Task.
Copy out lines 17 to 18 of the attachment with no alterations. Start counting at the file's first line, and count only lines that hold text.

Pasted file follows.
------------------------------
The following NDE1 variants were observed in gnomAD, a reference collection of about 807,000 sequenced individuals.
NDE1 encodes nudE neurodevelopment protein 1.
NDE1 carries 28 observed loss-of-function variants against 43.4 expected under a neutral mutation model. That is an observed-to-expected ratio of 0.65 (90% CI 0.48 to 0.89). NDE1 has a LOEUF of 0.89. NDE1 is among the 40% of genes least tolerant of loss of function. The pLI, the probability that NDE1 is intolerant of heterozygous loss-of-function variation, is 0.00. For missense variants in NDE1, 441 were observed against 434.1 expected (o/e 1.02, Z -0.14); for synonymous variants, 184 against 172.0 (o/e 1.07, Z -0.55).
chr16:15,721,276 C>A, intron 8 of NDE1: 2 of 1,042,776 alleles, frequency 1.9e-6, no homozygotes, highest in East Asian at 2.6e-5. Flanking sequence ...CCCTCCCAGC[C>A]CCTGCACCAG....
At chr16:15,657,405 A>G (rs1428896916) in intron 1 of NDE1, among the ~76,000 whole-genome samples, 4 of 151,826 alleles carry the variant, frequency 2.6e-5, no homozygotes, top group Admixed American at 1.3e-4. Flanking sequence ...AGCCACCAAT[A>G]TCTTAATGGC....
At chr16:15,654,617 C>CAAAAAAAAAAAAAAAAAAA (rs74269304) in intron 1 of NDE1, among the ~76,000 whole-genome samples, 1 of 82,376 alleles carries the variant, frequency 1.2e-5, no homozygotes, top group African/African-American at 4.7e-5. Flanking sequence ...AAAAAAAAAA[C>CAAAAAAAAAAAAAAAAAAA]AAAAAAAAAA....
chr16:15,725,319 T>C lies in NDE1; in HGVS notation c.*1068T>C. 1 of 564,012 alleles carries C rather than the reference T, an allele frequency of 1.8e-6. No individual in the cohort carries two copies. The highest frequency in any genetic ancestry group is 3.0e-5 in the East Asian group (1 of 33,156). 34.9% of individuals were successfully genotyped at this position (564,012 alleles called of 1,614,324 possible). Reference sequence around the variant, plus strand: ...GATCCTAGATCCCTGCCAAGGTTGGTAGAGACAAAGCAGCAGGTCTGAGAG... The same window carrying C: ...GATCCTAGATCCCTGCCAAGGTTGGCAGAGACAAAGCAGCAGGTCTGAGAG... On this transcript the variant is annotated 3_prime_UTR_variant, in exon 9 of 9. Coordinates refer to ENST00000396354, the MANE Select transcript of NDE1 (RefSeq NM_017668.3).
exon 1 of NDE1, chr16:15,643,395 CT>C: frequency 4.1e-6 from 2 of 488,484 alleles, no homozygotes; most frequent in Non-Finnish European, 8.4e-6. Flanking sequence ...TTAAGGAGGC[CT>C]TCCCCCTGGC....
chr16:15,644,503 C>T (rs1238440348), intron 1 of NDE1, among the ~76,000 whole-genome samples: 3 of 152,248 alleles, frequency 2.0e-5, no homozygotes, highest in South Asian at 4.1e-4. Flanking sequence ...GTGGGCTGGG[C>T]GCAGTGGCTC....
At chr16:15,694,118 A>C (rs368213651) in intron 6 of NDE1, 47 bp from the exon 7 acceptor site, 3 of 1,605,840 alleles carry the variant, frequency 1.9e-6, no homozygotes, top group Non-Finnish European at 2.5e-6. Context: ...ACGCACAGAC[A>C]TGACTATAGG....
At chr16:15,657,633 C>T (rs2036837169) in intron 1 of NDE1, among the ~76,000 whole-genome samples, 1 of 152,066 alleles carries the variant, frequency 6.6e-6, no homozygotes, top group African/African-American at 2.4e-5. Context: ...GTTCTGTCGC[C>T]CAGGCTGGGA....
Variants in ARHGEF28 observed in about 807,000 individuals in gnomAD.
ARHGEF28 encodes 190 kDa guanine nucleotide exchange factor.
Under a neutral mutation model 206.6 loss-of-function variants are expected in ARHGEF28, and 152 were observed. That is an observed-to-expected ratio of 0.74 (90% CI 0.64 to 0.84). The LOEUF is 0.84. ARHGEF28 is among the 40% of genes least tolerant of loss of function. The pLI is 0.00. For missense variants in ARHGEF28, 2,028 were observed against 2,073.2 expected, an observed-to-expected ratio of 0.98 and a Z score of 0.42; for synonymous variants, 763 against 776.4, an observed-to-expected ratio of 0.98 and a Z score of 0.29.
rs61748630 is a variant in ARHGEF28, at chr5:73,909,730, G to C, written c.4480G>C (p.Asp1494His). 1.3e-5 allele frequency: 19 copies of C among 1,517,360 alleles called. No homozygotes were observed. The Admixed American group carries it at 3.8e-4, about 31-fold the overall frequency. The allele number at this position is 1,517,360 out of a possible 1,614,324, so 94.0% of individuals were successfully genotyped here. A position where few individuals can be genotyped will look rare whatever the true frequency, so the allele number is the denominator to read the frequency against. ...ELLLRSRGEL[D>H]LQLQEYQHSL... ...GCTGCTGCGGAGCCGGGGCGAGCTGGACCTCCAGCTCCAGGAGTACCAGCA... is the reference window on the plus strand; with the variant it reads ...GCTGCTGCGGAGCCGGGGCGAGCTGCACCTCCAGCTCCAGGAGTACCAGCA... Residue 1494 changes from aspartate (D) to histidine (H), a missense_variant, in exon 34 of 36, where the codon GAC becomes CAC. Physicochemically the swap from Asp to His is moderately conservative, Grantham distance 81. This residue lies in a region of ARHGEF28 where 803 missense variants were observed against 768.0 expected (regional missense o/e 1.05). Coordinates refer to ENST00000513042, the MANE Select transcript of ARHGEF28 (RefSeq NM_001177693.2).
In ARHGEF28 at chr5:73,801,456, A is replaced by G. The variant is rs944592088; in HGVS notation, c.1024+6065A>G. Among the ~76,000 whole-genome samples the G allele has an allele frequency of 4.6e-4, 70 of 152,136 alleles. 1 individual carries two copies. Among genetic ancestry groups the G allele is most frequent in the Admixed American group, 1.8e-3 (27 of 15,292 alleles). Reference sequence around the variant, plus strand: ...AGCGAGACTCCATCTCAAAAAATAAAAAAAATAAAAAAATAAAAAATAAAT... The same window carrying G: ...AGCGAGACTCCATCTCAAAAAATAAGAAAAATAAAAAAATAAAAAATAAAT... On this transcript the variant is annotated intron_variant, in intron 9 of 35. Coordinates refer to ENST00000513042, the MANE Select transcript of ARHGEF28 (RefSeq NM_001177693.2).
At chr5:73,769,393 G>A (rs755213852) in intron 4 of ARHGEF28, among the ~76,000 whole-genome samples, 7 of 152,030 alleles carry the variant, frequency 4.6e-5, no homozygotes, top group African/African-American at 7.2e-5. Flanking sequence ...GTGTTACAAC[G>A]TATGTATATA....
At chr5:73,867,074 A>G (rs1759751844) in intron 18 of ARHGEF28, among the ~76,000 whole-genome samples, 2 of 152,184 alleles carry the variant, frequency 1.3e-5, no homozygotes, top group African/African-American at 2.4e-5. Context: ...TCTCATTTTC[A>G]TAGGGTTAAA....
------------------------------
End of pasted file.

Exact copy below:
At chr5:73,769,393 G>A (rs755213852) in intron 4 of ARHGEF28, among the ~76,000 whole-genome samples, 7 of 152,030 alleles carry the variant, frequency 4.6e-5, no homozygotes, top group African/African-American at 7.2e-5. Flanking sequence ...GTGTTACAAC[G>A]TATGTATATA....
At chr5:73,867,074 A>G (rs1759751844) in intron 18 of ARHGEF28, among the ~76,000 whole-genome samples, 2 of 152,184 alleles carry the variant, frequency 1.3e-5, no homozygotes, top group African/African-American at 2.4e-5. Context: ...TCTCATTTTC[A>G]TAGGGTTAAA....